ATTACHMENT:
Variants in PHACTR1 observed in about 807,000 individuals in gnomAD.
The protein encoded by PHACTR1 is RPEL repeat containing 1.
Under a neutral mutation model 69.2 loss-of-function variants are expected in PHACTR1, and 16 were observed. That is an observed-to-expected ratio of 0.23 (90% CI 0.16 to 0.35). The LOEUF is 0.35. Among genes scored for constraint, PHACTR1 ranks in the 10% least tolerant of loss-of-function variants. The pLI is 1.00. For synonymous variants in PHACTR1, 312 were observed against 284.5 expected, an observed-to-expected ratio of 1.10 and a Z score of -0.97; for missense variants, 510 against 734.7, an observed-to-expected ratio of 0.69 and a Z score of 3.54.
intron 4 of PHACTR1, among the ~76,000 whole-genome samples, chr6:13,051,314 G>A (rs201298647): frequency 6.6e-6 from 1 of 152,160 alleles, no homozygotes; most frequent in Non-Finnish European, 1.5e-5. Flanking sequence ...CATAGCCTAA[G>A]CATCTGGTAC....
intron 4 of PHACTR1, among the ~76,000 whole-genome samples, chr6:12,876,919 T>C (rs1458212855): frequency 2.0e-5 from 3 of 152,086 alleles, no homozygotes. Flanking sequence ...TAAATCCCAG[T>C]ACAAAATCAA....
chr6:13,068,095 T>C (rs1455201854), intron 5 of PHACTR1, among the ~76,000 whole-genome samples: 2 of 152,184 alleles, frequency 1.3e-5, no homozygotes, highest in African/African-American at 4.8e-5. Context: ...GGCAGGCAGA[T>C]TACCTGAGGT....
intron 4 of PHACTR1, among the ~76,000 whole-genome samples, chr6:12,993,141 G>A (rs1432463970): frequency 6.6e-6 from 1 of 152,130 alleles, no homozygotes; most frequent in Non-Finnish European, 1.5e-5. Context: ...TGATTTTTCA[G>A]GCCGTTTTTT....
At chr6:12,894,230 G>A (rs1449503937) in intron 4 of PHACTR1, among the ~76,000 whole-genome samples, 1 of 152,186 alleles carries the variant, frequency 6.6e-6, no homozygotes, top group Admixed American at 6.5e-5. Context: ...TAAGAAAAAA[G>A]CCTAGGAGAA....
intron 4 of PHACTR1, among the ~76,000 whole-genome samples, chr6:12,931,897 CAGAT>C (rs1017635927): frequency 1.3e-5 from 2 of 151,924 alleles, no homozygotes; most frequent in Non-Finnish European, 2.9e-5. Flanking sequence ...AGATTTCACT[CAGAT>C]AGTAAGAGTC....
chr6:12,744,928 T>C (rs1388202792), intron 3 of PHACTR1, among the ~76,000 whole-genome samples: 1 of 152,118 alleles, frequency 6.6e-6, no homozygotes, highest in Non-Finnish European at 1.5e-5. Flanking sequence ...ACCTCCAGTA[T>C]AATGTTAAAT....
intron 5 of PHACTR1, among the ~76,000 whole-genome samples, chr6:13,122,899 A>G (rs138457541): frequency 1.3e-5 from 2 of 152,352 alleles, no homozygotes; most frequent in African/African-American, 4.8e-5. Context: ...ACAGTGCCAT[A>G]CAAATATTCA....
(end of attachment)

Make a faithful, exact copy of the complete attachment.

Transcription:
Variants in PHACTR1 observed in about 807,000 individuals in gnomAD.
The protein encoded by PHACTR1 is RPEL repeat containing 1.
Under a neutral mutation model 69.2 loss-of-function variants are expected in PHACTR1, and 16 were observed. That is an observed-to-expected ratio of 0.23 (90% CI 0.16 to 0.35). The LOEUF is 0.35. Among genes scored for constraint, PHACTR1 ranks in the 10% least tolerant of loss-of-function variants. The pLI is 1.00. For synonymous variants in PHACTR1, 312 were observed against 284.5 expected, an observed-to-expected ratio of 1.10 and a Z score of -0.97; for missense variants, 510 against 734.7, an observed-to-expected ratio of 0.69 and a Z score of 3.54.
intron 4 of PHACTR1, among the ~76,000 whole-genome samples, chr6:13,051,314 G>A (rs201298647): frequency 6.6e-6 from 1 of 152,160 alleles, no homozygotes; most frequent in Non-Finnish European, 1.5e-5. Flanking sequence ...CATAGCCTAA[G>A]CATCTGGTAC....
intron 4 of PHACTR1, among the ~76,000 whole-genome samples, chr6:12,876,919 T>C (rs1458212855): frequency 2.0e-5 from 3 of 152,086 alleles, no homozygotes. Flanking sequence ...TAAATCCCAG[T>C]ACAAAATCAA....
chr6:13,068,095 T>C (rs1455201854), intron 5 of PHACTR1, among the ~76,000 whole-genome samples: 2 of 152,184 alleles, frequency 1.3e-5, no homozygotes, highest in African/African-American at 4.8e-5. Context: ...GGCAGGCAGA[T>C]TACCTGAGGT....
intron 4 of PHACTR1, among the ~76,000 whole-genome samples, chr6:12,993,141 G>A (rs1432463970): frequency 6.6e-6 from 1 of 152,130 alleles, no homozygotes; most frequent in Non-Finnish European, 1.5e-5. Context: ...TGATTTTTCA[G>A]GCCGTTTTTT....
At chr6:12,894,230 G>A (rs1449503937) in intron 4 of PHACTR1, among the ~76,000 whole-genome samples, 1 of 152,186 alleles carries the variant, frequency 6.6e-6, no homozygotes, top group Admixed American at 6.5e-5. Context: ...TAAGAAAAAA[G>A]CCTAGGAGAA....
intron 4 of PHACTR1, among the ~76,000 whole-genome samples, chr6:12,931,897 CAGAT>C (rs1017635927): frequency 1.3e-5 from 2 of 151,924 alleles, no homozygotes; most frequent in Non-Finnish European, 2.9e-5. Flanking sequence ...AGATTTCACT[CAGAT>C]AGTAAGAGTC....
chr6:12,744,928 T>C (rs1388202792), intron 3 of PHACTR1, among the ~76,000 whole-genome samples: 1 of 152,118 alleles, frequency 6.6e-6, no homozygotes, highest in Non-Finnish European at 1.5e-5. Flanking sequence ...ACCTCCAGTA[T>C]AATGTTAAAT....
intron 5 of PHACTR1, among the ~76,000 whole-genome samples, chr6:13,122,899 A>G (rs138457541): frequency 1.3e-5 from 2 of 152,352 alleles, no homozygotes; most frequent in African/African-American, 4.8e-5. Context: ...ACAGTGCCAT[A>G]CAAATATTCA....